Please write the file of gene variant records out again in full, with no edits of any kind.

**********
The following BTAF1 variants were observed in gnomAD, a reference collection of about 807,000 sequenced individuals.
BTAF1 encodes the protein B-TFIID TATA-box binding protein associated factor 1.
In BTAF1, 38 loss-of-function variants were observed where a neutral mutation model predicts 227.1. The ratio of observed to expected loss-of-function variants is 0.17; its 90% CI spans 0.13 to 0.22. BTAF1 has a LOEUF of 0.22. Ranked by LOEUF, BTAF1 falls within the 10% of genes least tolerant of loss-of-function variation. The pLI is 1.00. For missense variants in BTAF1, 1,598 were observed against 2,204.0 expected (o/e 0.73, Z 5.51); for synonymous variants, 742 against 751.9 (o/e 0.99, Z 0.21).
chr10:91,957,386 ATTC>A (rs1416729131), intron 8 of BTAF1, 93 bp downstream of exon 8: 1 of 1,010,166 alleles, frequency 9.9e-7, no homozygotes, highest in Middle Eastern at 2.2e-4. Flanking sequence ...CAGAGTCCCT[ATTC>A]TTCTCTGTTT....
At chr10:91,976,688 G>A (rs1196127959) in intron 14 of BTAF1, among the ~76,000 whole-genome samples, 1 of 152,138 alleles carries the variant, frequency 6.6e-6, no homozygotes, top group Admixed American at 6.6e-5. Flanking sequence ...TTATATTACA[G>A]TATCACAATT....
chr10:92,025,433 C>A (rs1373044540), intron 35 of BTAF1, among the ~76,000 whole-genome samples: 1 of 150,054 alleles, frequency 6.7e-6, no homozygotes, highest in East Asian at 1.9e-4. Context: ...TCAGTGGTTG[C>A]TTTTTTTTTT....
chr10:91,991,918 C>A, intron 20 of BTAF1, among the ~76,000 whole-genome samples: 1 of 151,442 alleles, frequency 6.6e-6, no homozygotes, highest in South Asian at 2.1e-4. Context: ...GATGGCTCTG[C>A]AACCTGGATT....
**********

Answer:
The following BTAF1 variants were observed in gnomAD, a reference collection of about 807,000 sequenced individuals.
BTAF1 encodes the protein B-TFIID TATA-box binding protein associated factor 1.
In BTAF1, 38 loss-of-function variants were observed where a neutral mutation model predicts 227.1. The ratio of observed to expected loss-of-function variants is 0.17; its 90% CI spans 0.13 to 0.22. BTAF1 has a LOEUF of 0.22. Ranked by LOEUF, BTAF1 falls within the 10% of genes least tolerant of loss-of-function variation. The pLI is 1.00. For missense variants in BTAF1, 1,598 were observed against 2,204.0 expected (o/e 0.73, Z 5.51); for synonymous variants, 742 against 751.9 (o/e 0.99, Z 0.21).
chr10:91,957,386 ATTC>A (rs1416729131), intron 8 of BTAF1, 93 bp downstream of exon 8: 1 of 1,010,166 alleles, frequency 9.9e-7, no homozygotes, highest in Middle Eastern at 2.2e-4. Flanking sequence ...CAGAGTCCCT[ATTC>A]TTCTCTGTTT....
At chr10:91,976,688 G>A (rs1196127959) in intron 14 of BTAF1, among the ~76,000 whole-genome samples, 1 of 152,138 alleles carries the variant, frequency 6.6e-6, no homozygotes, top group Admixed American at 6.6e-5. Flanking sequence ...TTATATTACA[G>A]TATCACAATT....
chr10:92,025,433 C>A (rs1373044540), intron 35 of BTAF1, among the ~76,000 whole-genome samples: 1 of 150,054 alleles, frequency 6.7e-6, no homozygotes, highest in East Asian at 1.9e-4. Context: ...TCAGTGGTTG[C>A]TTTTTTTTTT....
chr10:91,991,918 C>A, intron 20 of BTAF1, among the ~76,000 whole-genome samples: 1 of 151,442 alleles, frequency 6.6e-6, no homozygotes, highest in South Asian at 2.1e-4. Context: ...GATGGCTCTG[C>A]AACCTGGATT....